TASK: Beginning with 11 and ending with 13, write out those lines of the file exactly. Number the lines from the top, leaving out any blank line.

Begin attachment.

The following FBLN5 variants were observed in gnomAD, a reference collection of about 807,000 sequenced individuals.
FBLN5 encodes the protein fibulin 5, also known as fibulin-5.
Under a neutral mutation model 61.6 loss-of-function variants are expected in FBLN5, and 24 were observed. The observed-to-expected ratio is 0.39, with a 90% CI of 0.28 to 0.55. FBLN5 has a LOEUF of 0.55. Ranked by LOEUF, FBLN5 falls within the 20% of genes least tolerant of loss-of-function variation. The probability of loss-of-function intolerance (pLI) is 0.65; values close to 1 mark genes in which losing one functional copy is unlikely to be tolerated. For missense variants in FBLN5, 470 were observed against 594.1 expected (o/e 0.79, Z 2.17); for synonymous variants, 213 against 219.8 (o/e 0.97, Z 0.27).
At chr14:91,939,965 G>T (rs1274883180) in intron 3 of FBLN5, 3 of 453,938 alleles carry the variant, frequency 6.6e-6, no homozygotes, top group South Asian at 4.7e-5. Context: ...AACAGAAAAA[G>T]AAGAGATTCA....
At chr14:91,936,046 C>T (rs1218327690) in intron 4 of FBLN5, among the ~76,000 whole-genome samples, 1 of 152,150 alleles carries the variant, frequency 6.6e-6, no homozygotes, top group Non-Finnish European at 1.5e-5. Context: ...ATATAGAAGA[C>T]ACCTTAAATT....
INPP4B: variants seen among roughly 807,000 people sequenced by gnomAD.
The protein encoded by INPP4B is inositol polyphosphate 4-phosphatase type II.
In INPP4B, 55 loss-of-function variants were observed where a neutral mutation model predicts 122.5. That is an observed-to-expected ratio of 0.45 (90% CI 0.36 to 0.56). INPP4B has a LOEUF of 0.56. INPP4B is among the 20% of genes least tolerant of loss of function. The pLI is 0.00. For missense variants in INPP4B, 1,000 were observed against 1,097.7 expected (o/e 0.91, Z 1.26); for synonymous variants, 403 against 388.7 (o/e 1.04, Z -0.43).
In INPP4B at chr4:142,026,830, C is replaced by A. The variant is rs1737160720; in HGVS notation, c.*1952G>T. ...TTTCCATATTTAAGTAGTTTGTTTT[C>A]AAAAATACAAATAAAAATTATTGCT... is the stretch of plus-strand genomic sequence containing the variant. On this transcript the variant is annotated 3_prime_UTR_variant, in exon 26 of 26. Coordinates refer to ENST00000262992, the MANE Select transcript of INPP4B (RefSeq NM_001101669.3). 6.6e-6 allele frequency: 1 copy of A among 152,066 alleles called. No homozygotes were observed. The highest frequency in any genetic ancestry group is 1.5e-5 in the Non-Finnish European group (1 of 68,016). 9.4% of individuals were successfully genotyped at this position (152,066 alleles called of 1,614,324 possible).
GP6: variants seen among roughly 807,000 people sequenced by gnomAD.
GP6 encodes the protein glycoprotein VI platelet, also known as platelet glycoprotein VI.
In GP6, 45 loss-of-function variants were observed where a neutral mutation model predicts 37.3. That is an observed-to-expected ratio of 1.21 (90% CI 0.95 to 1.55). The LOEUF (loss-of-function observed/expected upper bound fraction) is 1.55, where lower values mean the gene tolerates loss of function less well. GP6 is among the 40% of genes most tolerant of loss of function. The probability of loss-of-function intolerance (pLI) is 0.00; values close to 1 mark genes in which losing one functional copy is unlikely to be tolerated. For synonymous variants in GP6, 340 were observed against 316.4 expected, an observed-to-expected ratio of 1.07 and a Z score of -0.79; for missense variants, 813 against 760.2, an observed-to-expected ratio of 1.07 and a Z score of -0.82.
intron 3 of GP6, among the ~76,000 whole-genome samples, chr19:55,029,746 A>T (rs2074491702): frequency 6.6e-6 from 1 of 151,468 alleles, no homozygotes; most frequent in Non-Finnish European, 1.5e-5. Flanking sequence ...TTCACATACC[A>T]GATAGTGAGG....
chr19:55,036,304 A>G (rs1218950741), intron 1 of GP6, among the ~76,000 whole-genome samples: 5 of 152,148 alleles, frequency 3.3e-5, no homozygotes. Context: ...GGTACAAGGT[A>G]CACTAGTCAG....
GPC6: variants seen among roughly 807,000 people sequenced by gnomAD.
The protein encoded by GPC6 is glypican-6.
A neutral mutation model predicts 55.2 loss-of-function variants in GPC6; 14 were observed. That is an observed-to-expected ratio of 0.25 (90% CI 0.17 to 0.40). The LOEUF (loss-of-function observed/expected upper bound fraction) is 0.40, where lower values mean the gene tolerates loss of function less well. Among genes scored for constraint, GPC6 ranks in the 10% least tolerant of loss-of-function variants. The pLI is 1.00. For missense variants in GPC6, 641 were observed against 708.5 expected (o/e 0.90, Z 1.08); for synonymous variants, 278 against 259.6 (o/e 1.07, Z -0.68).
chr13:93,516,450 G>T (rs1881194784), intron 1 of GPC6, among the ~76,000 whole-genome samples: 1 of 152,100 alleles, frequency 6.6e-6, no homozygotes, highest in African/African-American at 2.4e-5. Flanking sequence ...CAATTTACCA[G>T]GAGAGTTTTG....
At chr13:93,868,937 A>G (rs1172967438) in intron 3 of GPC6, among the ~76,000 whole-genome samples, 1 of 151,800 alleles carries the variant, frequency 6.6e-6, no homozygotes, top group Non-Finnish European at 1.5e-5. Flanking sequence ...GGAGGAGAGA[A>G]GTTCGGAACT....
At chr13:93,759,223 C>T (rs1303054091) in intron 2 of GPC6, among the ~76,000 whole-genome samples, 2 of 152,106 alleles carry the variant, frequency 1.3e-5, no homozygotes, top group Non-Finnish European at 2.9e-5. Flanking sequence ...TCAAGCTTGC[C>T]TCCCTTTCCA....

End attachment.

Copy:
GP6 encodes the protein glycoprotein VI platelet, also known as platelet glycoprotein VI.
In GP6, 45 loss-of-function variants were observed where a neutral mutation model predicts 37.3. That is an observed-to-expected ratio of 1.21 (90% CI 0.95 to 1.55). The LOEUF (loss-of-function observed/expected upper bound fraction) is 1.55, where lower values mean the gene tolerates loss of function less well. GP6 is among the 40% of genes most tolerant of loss of function. The probability of loss-of-function intolerance (pLI) is 0.00; values close to 1 mark genes in which losing one functional copy is unlikely to be tolerated. For synonymous variants in GP6, 340 were observed against 316.4 expected, an observed-to-expected ratio of 1.07 and a Z score of -0.79; for missense variants, 813 against 760.2, an observed-to-expected ratio of 1.07 and a Z score of -0.82.
intron 3 of GP6, among the ~76,000 whole-genome samples, chr19:55,029,746 A>T (rs2074491702): frequency 6.6e-6 from 1 of 151,468 alleles, no homozygotes; most frequent in Non-Finnish European, 1.5e-5. Flanking sequence ...TTCACATACC[A>T]GATAGTGAGG....